“What I was seeing did not jibe with the official reports {of success} out of our military command or out of Washington.” What a difference a foray makes. 

By now you’re probably thinking Chick’s lit seems familiar, and it is:

  • In 2015, Pabst Blue Ribbon funds a 13-minute documentary about an Inwood reunion where Pabst cans proliferate. 

  • Two years later, Donohue and journalist Molloy self-publish a paperback with the subtitle A True Story of Friendship Stronger Than War

  • Three years after, in a somewhat rare move in publishing, William Morrow prints the edition whose review you’re reading.

  • Now a feature movie is in the works, directed by Peter Farrelly of the Oscar-winning Green Book. The Hollywood Reporter says Viggo Mortensen of Green Book and The Lord of the Rings has a role. 

“Soon to be a major motion picture,” the book jacket proclaims, proof that familiarity breeds content in all forms.

The Greatest Beer Run Ever: A Memoir of Friendship, Loyalty, and War by John “Chick” Donohue and J.T. Molloy, William Morrow, 272 pages, $27.99. Available anywhere books are sold today.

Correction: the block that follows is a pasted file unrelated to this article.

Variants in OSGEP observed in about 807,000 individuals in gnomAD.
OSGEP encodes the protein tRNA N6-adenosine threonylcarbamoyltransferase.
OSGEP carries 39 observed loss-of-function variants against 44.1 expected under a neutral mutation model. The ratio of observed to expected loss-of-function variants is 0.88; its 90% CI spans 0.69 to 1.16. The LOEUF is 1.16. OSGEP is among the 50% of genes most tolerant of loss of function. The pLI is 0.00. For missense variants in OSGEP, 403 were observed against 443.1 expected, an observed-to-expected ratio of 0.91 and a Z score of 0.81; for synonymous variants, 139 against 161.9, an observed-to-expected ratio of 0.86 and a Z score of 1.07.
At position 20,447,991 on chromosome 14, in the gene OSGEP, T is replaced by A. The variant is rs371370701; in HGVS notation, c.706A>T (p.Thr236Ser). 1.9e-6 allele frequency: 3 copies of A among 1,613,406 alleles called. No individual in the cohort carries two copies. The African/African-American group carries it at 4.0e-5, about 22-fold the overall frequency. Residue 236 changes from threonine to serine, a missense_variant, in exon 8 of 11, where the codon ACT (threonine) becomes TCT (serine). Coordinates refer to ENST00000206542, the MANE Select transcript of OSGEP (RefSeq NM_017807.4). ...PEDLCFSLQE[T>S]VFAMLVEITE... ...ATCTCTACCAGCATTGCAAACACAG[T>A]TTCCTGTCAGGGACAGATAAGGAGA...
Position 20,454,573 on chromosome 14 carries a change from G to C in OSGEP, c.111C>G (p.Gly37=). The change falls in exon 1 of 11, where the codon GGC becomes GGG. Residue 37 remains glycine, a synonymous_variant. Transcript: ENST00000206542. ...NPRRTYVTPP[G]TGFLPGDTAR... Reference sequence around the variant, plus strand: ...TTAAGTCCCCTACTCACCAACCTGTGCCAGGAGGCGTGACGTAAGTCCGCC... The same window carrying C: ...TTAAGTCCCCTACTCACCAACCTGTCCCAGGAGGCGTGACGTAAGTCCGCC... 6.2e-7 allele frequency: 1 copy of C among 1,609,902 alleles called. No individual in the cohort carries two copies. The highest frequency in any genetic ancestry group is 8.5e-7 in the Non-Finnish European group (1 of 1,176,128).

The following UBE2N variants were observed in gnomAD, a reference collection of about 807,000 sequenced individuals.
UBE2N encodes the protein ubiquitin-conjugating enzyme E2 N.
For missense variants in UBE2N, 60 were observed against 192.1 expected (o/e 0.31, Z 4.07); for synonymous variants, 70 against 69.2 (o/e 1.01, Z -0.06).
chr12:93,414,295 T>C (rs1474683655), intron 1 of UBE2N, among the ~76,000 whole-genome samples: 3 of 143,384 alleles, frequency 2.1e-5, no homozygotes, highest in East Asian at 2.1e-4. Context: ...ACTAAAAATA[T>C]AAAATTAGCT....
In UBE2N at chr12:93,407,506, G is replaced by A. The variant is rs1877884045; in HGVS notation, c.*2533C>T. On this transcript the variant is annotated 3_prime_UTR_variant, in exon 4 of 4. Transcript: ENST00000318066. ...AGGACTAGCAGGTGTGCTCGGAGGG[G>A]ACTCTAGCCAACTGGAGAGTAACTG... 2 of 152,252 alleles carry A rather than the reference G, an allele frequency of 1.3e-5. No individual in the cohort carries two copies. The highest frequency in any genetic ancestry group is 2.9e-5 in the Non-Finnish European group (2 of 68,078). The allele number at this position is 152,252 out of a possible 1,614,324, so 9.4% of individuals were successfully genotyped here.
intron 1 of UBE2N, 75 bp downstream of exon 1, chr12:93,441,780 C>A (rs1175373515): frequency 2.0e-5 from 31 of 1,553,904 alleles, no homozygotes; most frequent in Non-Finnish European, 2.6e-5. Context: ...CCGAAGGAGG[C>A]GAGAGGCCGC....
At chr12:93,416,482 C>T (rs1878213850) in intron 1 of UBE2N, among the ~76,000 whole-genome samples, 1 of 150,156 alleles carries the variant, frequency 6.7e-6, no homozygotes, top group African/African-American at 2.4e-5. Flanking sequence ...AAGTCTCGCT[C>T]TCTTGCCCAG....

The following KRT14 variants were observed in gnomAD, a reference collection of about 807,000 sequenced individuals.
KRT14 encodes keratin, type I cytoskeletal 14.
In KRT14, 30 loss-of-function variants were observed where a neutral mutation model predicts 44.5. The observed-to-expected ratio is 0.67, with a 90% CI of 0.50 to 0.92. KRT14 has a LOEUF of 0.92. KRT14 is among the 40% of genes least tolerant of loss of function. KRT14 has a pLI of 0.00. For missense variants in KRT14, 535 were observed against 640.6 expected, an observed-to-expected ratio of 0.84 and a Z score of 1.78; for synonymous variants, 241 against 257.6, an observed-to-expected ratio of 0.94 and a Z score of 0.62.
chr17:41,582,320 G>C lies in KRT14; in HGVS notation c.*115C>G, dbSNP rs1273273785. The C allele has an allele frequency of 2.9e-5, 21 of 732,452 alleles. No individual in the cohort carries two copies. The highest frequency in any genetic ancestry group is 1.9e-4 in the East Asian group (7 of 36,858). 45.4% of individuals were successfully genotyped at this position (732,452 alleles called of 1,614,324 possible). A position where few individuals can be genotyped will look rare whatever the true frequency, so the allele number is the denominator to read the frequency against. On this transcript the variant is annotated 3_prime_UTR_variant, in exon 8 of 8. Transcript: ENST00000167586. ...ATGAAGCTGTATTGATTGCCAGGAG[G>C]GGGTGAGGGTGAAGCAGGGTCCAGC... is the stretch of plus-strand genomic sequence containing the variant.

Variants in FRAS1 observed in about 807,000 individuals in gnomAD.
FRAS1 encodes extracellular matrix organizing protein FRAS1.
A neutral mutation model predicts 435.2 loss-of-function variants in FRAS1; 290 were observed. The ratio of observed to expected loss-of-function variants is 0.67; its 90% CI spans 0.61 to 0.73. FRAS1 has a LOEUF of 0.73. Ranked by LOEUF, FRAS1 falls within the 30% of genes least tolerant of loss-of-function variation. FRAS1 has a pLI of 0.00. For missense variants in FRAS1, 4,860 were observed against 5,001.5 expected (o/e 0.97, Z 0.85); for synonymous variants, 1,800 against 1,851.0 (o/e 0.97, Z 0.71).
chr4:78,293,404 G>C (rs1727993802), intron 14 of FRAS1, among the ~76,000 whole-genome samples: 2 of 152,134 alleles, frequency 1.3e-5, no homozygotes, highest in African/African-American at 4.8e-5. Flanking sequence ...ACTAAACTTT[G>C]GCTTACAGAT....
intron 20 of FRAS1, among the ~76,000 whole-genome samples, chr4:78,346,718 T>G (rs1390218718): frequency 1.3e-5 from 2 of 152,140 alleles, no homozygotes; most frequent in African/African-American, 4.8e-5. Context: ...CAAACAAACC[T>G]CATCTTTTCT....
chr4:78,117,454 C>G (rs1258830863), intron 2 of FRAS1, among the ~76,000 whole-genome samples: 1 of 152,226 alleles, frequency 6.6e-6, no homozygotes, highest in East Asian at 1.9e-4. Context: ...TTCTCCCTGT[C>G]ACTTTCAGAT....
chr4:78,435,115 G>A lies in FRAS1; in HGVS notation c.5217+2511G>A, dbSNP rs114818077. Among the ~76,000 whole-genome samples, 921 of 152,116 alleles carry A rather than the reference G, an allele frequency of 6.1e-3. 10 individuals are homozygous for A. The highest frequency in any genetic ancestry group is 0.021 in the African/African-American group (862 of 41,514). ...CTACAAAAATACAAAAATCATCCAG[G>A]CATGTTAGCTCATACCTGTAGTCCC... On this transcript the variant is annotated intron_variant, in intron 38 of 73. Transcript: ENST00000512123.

J. Ford Huffman
J. Ford Huffman

J. Ford Huffman has reviewed 400-plus books published during the Iraq and Afghanistan war era, mainly for Military Times, and he received the Military Reporters and Editors (MRE) 2018 award for commentary. He co-edited Marine Corps University Press’ The End of Don’t Ask, Don’t Tell (2012). When he is not reading a book or editing words or art, he is usually running, albeit slowly. So far: 48 marathons, including 15 Marine Corps races. Not that he keeps count. Huffman serves on the board of Student Veterans of America and the artist council of Armed Services Arts Partnership and has co-edited two ASAP anthologies. As a content and visual editor, he has advised newsrooms from Defense News to Dubai to Delhi and back.